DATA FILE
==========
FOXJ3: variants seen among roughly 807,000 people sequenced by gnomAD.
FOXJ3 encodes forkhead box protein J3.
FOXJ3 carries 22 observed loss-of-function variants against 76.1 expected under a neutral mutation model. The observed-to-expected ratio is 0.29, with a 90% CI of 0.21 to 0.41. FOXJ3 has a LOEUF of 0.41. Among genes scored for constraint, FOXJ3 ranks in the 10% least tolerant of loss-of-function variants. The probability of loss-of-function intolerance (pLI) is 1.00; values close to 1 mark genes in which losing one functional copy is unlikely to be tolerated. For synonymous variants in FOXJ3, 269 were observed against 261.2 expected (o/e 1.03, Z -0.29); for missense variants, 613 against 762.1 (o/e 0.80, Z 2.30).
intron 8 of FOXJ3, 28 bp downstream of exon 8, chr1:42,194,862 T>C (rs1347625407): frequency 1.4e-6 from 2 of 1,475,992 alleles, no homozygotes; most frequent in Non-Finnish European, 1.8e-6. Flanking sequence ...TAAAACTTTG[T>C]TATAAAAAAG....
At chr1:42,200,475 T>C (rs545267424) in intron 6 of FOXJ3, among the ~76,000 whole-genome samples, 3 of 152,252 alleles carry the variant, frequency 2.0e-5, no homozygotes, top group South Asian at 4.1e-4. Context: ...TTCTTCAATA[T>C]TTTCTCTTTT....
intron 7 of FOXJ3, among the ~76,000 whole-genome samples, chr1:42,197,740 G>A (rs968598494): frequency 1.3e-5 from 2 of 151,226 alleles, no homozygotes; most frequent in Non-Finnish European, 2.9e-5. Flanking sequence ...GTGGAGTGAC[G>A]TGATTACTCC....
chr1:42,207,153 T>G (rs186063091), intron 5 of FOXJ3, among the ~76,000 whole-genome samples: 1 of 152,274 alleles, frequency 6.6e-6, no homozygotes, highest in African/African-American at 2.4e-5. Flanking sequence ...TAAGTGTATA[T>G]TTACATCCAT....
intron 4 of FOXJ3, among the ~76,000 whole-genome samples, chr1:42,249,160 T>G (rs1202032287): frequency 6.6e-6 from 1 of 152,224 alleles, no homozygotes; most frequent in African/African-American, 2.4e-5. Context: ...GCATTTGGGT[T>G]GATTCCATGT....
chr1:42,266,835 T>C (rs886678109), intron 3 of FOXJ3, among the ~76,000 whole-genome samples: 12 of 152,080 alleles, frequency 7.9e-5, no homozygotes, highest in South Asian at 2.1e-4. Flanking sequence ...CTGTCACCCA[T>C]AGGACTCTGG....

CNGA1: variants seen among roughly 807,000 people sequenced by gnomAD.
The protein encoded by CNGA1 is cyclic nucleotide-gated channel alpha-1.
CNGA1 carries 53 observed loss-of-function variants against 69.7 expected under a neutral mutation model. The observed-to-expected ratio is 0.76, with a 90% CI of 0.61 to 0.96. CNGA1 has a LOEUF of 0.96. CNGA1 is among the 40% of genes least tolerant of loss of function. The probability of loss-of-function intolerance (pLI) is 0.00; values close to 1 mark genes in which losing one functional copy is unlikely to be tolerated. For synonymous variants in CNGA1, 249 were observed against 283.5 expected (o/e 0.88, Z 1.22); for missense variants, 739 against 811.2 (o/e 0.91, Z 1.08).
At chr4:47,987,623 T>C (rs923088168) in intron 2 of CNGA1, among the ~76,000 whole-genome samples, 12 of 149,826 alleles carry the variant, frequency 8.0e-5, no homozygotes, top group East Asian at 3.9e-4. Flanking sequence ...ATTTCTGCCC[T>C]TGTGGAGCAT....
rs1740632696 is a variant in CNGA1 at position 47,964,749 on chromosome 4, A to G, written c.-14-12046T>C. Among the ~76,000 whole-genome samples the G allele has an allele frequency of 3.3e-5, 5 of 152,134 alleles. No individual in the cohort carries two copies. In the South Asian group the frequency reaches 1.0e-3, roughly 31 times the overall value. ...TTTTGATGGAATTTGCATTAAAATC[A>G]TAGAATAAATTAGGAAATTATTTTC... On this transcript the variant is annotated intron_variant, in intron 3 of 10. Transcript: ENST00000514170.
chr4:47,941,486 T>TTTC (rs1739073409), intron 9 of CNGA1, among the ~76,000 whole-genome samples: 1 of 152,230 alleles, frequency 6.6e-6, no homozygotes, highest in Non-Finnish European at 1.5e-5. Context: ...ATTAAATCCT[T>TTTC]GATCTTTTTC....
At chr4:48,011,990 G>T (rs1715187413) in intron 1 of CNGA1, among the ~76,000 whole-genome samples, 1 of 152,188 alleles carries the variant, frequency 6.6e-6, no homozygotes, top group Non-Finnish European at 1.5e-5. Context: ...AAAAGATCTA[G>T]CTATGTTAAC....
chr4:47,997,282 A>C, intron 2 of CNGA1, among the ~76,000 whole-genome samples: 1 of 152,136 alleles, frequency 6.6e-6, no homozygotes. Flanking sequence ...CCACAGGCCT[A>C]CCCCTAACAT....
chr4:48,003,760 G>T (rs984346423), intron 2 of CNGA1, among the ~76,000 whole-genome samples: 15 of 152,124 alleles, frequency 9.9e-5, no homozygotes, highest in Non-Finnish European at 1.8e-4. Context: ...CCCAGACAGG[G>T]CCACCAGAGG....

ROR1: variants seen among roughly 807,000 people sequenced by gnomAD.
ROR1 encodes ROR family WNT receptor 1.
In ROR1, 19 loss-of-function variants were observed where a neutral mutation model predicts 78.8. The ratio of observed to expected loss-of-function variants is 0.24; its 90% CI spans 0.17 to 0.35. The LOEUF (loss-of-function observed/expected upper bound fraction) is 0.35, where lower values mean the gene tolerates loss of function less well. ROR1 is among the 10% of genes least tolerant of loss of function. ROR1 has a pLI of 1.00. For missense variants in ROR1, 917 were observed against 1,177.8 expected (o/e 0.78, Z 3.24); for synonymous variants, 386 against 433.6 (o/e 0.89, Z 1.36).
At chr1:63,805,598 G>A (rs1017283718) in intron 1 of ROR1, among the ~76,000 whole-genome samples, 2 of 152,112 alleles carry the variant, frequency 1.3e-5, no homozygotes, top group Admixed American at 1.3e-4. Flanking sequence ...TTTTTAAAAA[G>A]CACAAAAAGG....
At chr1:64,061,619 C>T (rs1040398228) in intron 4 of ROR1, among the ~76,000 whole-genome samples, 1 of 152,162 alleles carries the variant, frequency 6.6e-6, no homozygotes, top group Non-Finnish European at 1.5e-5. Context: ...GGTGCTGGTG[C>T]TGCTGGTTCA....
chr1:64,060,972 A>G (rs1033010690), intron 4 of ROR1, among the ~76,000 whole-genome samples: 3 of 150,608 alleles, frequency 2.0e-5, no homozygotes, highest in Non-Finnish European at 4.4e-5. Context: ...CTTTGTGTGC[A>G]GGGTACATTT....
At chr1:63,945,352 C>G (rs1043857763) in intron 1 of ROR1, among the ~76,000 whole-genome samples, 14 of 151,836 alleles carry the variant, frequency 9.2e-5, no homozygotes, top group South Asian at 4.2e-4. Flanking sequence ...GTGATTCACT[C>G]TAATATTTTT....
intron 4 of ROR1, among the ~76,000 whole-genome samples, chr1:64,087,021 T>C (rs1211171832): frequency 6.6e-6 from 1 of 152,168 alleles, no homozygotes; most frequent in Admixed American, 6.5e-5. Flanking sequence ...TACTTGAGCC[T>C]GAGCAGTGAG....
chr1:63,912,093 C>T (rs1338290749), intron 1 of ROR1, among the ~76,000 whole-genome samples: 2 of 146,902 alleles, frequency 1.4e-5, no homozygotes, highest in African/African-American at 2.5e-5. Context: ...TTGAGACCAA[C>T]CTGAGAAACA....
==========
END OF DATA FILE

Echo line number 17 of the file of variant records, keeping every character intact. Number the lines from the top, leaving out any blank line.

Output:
chr4:47,997,282 A>C, intron 2 of CNGA1, among the ~76,000 whole-genome samples: 1 of 152,136 alleles, frequency 6.6e-6, no homozygotes. Flanking sequence ...CCACAGGCCT[A>C]CCCCTAACAT....